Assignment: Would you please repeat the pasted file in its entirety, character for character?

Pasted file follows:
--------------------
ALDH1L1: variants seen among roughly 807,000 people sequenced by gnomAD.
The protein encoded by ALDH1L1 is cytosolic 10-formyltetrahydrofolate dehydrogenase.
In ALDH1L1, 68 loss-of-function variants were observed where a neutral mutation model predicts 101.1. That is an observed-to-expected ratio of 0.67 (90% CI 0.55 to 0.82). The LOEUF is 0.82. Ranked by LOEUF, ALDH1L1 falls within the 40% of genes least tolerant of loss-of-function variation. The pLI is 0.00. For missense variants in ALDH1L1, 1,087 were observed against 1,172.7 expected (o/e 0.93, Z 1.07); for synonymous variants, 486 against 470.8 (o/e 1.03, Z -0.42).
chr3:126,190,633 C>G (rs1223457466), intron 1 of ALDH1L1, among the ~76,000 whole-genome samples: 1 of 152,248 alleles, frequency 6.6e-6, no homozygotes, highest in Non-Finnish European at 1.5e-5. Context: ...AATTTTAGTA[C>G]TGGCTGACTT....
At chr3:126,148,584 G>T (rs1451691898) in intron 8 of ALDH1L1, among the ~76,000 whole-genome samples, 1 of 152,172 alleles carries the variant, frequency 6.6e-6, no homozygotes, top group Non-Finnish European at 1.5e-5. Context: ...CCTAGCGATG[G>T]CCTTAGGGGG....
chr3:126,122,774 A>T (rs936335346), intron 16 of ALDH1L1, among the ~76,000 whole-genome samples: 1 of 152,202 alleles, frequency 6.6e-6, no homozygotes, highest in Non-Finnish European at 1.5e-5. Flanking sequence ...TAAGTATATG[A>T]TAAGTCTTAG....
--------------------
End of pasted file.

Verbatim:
ALDH1L1: variants seen among roughly 807,000 people sequenced by gnomAD.
The protein encoded by ALDH1L1 is cytosolic 10-formyltetrahydrofolate dehydrogenase.
In ALDH1L1, 68 loss-of-function variants were observed where a neutral mutation model predicts 101.1. That is an observed-to-expected ratio of 0.67 (90% CI 0.55 to 0.82). The LOEUF is 0.82. Ranked by LOEUF, ALDH1L1 falls within the 40% of genes least tolerant of loss-of-function variation. The pLI is 0.00. For missense variants in ALDH1L1, 1,087 were observed against 1,172.7 expected (o/e 0.93, Z 1.07); for synonymous variants, 486 against 470.8 (o/e 1.03, Z -0.42).
chr3:126,190,633 C>G (rs1223457466), intron 1 of ALDH1L1, among the ~76,000 whole-genome samples: 1 of 152,248 alleles, frequency 6.6e-6, no homozygotes, highest in Non-Finnish European at 1.5e-5. Context: ...AATTTTAGTA[C>G]TGGCTGACTT....
At chr3:126,148,584 G>T (rs1451691898) in intron 8 of ALDH1L1, among the ~76,000 whole-genome samples, 1 of 152,172 alleles carries the variant, frequency 6.6e-6, no homozygotes, top group Non-Finnish European at 1.5e-5. Context: ...CCTAGCGATG[G>T]CCTTAGGGGG....
chr3:126,122,774 A>T (rs936335346), intron 16 of ALDH1L1, among the ~76,000 whole-genome samples: 1 of 152,202 alleles, frequency 6.6e-6, no homozygotes, highest in Non-Finnish European at 1.5e-5. Flanking sequence ...TAAGTATATG[A>T]TAAGTCTTAG....